If you’ve ever considered buying a second home, the mortgage rules are a bit different from your primary residence.
There are also key differences between buying a second home and an investment property, and you should be aware of these distinctions because often the two terms are used interchangeably.
The term second home refers to a property that you will live in for part of the year, in addition to your primary residence. It’s usually a vacation home, but a second home might also be somewhere you go for work. For example, maybe you have a condo in a city where you often work, but it’s not your main home.
If you’re going to get a mortgage for a second home, it will usually need to either be in an area known as a vacation or resort location, or it might need to be a specific distance from your primary residence.
A second home loan will often have a lower interest rate than an investment property loan.
Your loan will probably also have what’s called a Second Home Rider.
The rider says that as the borrower, you’ll occupy the property and use it as your second home. The property can’t be part of a rental pool or timeshare agreement, and there can’t be agreements requiring you to rent the property or give a management company or third-party control over the property’s use.
While the above is the general definition a lender might use, every lender is going to have their own specific requirements that might be different from these.
Some lenders, for example, won’t give you a second home loan if you’re going to rent out your home at all. Others will give you a loan as long as you plan to stay in the home for a certain number of days annually, even if you’re also going to rent it out.
One of the reasons it’s important to understand the differences between a second home and an investment property is because the financing process is different. It tends to be significantly easier to finance a second home compared to an investment property.
Usually, a second home mortgage is going to have an interest rate that’s fairly comparable to those for buying a primary home, and credit requirements tend to be in line with one another too.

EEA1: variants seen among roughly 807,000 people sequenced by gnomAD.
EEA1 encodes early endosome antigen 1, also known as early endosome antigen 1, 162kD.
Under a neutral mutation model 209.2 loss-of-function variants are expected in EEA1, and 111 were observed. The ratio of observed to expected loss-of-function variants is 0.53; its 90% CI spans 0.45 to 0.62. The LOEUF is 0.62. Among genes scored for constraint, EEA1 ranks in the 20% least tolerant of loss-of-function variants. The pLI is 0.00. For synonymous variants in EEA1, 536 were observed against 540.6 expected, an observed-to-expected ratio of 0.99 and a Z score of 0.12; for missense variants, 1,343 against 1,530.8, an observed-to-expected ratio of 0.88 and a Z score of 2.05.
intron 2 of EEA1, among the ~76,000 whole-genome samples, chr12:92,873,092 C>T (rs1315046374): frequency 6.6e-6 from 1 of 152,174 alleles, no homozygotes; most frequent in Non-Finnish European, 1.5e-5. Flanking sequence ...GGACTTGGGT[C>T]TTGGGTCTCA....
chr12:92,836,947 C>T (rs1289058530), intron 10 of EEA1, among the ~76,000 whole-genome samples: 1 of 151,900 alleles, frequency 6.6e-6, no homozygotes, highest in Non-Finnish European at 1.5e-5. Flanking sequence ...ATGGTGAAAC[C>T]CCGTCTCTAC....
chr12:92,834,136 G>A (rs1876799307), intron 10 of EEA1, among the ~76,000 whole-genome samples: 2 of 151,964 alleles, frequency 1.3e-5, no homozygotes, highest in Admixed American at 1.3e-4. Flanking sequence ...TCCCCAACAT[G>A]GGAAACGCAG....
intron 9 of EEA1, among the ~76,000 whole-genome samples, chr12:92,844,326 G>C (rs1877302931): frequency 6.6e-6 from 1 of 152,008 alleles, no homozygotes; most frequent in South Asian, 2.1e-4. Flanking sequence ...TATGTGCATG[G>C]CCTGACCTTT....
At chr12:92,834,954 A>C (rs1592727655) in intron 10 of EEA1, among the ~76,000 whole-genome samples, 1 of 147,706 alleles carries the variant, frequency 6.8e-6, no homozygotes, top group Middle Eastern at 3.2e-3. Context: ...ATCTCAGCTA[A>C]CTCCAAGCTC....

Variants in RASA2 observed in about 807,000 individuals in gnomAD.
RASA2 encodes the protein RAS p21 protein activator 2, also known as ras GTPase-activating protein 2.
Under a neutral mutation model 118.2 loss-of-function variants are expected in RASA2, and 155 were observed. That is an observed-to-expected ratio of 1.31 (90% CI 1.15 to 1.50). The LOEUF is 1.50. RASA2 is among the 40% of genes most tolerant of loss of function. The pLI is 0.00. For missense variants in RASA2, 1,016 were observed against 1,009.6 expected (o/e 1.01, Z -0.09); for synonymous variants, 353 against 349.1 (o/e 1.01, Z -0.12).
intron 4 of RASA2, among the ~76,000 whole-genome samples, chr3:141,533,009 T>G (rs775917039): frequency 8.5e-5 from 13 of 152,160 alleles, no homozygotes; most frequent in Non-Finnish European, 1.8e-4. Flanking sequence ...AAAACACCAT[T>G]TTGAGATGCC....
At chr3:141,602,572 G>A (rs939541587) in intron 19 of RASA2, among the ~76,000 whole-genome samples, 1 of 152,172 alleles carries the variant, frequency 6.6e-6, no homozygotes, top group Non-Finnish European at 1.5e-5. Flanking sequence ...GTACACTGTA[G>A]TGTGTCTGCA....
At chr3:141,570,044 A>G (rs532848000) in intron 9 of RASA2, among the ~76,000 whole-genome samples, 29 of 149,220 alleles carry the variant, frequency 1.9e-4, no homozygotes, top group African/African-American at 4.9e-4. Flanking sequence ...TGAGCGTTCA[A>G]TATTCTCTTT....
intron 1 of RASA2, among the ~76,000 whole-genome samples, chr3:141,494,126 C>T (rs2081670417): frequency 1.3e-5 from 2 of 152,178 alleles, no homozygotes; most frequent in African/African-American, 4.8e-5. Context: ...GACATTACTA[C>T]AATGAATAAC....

It’s harder to qualify for an investment property mortgage, and the interest rate is probably going to be higher, as are the origination fees.
That doesn’t mean an investment property mortgage isn’t without its own benefits.
With an investment property, some lenders are willing to give you a loan more easily because the idea is that the property will generate the cash flow needed to pay your loan and other expenses.
The IRS has its own guidance as far as the comparison between a second home and an investment property.
A property can be a second home if you use it for at least 14 days each year, or 10% of the days you rent it. If you don’t meet that standard, it’s an investment property.
Why does it matter?
If you have a second home, you may qualify for a mortgage interest tax deduction. That can be used on interest paid on up to $750,000 in qualifying residential debt.
If you have an investment property, you can use the deduction the same way, but you can deduct interest on your mortgage as a rental income expense.
As an owner of an investment property, you can claim an annual depreciation expense, which would lower the amount of your rental income that was taxable.
No matter how the home is specifically classified by the IRS, if you use it and rent it, you have to divide expenses by the time it’s rented and the time you use it personally.
Finally, if you’re thinking about fudging the truth a bit, that’s not a good idea. You will have to sign off on what your intended use of the property is going to be, and if you aren’t honest, it can be considered mortgage fraud, which is illegal.